any other affidavit of complaint with the court (emphasis added).”9 The Court further noted, that if “our General Assembly intended to exclude traffic citations from the application of Tennessee Code Annotated § 28-3-104(a)(2) for policy reasons, it easily could have done so… It is not the role of this Court to rewrite the statute.10 The Court of Appeals upheld the Trial Court’s denial of summary judgment, holding that the issuance of a traffic citation for failure to exercise due care satisfies the statutory requirement of a criminal charge to trigger the two (2) year extension of the statute of limitations in Tennessee Code Annotated § 28-3104(a)(2).


Unless Younger is successfully reversed on appeal, when presented with a case that might otherwise

be barred by the 1-year statute of limitation, a traffic citation issued to the alleged tortfeasor could extend it another year. Brad Fraser 1. Younger v. Okbahhanes, Tenn. Ct. App. No. E2020-00429-COA-R10-CV, (Tenn. Ct. App. Jan. 28, 2021). 2. Tenn. Code Ann. § 55-10-207., et seq. 3. Tenn. Code Ann. § 55-8-136. 4. Tenn. Code Ann. § 55-12-139. 5. Tenn. Code Ann. § 55-4-108. 6. Younger, at 6. 7. See Tenn. Code Ann.§ 28-3-104(a)(2) (2017). 8. Younger, at 4 (citing Coleman v. Olson, 551 S.W.3d 686, 693 (Tenn. 2018)). 9. Id., at 7. 10. Id., at 8.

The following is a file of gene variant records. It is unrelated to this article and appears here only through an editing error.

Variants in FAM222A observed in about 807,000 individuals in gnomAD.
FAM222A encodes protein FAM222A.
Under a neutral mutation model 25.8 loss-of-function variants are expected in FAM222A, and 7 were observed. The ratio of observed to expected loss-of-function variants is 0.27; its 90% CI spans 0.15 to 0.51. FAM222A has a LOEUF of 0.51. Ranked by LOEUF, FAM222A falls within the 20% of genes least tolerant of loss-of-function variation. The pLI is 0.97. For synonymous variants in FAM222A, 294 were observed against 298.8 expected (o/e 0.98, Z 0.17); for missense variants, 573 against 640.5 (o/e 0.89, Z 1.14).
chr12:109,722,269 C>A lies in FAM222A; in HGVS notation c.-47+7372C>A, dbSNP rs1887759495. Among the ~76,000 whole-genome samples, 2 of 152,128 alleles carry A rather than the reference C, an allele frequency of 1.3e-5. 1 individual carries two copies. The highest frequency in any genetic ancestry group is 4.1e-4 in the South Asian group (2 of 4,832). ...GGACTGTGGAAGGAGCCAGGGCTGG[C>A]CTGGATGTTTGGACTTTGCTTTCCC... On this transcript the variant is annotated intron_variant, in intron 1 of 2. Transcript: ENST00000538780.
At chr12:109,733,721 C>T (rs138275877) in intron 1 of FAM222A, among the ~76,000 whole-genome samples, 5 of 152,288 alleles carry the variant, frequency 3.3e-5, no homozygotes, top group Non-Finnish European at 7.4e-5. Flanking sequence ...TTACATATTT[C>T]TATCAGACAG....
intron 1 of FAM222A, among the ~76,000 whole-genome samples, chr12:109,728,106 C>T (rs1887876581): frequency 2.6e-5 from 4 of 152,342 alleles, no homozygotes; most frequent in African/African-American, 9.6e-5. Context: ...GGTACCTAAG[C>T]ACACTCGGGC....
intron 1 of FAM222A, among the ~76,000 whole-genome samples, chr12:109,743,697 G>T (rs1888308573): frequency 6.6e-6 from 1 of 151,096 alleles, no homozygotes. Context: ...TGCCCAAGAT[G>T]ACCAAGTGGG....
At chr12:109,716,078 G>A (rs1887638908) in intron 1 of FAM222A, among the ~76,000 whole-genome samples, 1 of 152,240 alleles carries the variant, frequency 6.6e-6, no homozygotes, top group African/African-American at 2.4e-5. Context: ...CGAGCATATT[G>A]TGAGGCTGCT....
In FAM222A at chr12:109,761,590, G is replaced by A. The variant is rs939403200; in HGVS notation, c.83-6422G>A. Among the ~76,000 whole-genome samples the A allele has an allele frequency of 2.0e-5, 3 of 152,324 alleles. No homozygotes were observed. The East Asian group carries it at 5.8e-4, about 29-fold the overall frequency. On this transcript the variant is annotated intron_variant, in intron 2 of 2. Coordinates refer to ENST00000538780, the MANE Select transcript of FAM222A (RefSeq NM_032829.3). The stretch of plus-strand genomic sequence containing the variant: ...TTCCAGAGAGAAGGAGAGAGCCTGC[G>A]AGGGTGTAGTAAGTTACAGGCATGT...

TDLA SPRING MEETING The TDLA/ADLA Joint Summer Conference was held last month at the Sandestin Golf and Beach Resort in Destin, Florida. While a Gulf Tropical Depression tried its hardest, it couldn’t put a damper on the spirits of those in attendance, especially as Brittany Wagner, keynote speaker, took center stage on Friday to speak on the important topic of Mentoring.  Saturday’s downright fascinating TDLA Breakout Session with speakers Larry Bridgesmith (“Neuroscience and Mediation”)

and Kim Vance (“Mentoring the Mentor”) completely enthralled their audience and left them wanting more. And as always, we cannot thank Austin Starkey and Brent McDade with Elliott Davis enough for their presentation on “What’s New with Numbers,” as well as their continued invaluable sponsorship.  But wait, there’s more!  Spirits were flying high for TDLA members Autumn Gentry, Craig Sanders, and Dawn Carson who all left sporting new and enviable swag, courtesy of our

incredibly generous sponsors and their fabulous door prizes. Family fun was in the books for those with kiddos and gosh darn it, what was not to love about the Margarita and Bloody Mary bars during the conference?  Great conversations (as always), great questions, interactive and valuable presentations, and lots of fun was had by all of the TDLA members who attended.  Won’t you join us, next year?  I’ll be sure to save you a seat…and a margarita. Adrienne Fazio

ADRIENNE B. FAZIO is a principal with Manier & Herod in Nashville practicing primarily in workers’ compensation. She may be reached at


Summer 2021 | Tennessee Defense Lawyers Association | Issue 8, Volume 1